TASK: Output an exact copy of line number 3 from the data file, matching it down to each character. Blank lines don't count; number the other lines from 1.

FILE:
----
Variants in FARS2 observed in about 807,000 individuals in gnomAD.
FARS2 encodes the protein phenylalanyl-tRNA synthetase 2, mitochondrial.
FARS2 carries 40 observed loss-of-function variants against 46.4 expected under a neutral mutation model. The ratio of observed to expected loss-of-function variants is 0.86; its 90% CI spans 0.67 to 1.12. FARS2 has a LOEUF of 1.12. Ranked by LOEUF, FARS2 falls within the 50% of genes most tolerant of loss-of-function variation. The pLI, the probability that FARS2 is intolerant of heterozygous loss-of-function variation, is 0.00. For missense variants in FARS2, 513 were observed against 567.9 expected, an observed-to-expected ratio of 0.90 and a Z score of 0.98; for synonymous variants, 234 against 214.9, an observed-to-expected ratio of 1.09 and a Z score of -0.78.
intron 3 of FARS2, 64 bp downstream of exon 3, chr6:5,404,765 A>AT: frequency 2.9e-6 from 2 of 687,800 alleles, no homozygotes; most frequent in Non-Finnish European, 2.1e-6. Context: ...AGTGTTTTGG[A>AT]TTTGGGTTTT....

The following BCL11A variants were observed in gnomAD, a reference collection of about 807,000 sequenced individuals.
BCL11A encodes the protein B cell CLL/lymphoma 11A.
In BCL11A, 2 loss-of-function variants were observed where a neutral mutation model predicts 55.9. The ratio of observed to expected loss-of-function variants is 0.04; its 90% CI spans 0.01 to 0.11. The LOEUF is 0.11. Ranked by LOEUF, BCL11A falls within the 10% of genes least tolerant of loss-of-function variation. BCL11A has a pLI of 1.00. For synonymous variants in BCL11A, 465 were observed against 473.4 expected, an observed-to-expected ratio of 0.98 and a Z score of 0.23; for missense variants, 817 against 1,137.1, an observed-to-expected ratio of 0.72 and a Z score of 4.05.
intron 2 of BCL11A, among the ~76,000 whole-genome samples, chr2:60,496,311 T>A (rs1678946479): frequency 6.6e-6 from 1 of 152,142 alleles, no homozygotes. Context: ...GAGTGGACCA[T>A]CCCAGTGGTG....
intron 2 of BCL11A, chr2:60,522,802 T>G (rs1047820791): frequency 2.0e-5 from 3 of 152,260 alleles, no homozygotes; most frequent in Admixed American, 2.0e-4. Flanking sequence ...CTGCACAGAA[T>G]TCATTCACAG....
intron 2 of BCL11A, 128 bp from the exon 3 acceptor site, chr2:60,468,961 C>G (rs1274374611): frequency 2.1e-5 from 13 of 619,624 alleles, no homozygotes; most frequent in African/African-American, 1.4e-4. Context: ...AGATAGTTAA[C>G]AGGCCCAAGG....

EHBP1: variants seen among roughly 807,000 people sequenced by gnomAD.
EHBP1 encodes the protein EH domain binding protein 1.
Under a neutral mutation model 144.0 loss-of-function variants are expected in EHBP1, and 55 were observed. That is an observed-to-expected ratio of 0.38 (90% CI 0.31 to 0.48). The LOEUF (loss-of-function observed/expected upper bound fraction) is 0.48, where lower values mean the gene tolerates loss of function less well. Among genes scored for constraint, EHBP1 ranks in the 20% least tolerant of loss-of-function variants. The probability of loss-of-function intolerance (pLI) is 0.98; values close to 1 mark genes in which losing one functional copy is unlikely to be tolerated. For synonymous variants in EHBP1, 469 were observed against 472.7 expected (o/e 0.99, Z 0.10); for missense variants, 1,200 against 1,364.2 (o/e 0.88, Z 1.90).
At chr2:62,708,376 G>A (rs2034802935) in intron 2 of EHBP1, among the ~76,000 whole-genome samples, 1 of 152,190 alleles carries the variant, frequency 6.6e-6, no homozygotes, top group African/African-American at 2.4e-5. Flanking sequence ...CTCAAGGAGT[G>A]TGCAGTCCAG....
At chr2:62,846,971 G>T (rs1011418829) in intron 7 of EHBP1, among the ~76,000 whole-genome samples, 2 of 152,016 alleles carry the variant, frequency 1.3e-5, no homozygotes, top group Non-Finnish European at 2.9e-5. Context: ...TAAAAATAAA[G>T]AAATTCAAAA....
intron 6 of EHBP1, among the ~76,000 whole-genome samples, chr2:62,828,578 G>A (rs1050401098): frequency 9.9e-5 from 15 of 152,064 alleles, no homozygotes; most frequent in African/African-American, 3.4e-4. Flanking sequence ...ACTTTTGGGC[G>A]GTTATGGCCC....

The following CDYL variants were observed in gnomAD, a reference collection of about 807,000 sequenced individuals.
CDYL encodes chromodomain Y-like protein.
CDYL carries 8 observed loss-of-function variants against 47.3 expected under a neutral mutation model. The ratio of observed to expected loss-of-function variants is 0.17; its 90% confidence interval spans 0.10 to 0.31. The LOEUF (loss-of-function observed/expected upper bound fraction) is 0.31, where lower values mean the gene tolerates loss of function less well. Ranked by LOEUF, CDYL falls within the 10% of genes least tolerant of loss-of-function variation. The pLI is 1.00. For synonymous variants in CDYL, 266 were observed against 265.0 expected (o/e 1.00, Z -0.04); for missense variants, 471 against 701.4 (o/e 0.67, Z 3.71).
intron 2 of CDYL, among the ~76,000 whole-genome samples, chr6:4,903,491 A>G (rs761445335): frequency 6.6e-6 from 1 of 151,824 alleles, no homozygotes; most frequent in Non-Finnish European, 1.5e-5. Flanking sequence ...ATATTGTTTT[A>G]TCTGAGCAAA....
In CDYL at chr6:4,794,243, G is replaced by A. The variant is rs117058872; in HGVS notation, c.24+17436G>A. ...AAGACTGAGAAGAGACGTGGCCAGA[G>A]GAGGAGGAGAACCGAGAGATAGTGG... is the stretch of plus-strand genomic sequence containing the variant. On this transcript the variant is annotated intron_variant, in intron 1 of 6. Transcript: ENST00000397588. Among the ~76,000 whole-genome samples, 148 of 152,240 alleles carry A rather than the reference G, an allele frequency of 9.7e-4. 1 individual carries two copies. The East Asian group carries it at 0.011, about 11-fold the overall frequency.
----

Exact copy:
FARS2 carries 40 observed loss-of-function variants against 46.4 expected under a neutral mutation model. The ratio of observed to expected loss-of-function variants is 0.86; its 90% CI spans 0.67 to 1.12. FARS2 has a LOEUF of 1.12. Ranked by LOEUF, FARS2 falls within the 50% of genes most tolerant of loss-of-function variation. The pLI, the probability that FARS2 is intolerant of heterozygous loss-of-function variation, is 0.00. For missense variants in FARS2, 513 were observed against 567.9 expected, an observed-to-expected ratio of 0.90 and a Z score of 0.98; for synonymous variants, 234 against 214.9, an observed-to-expected ratio of 1.09 and a Z score of -0.78.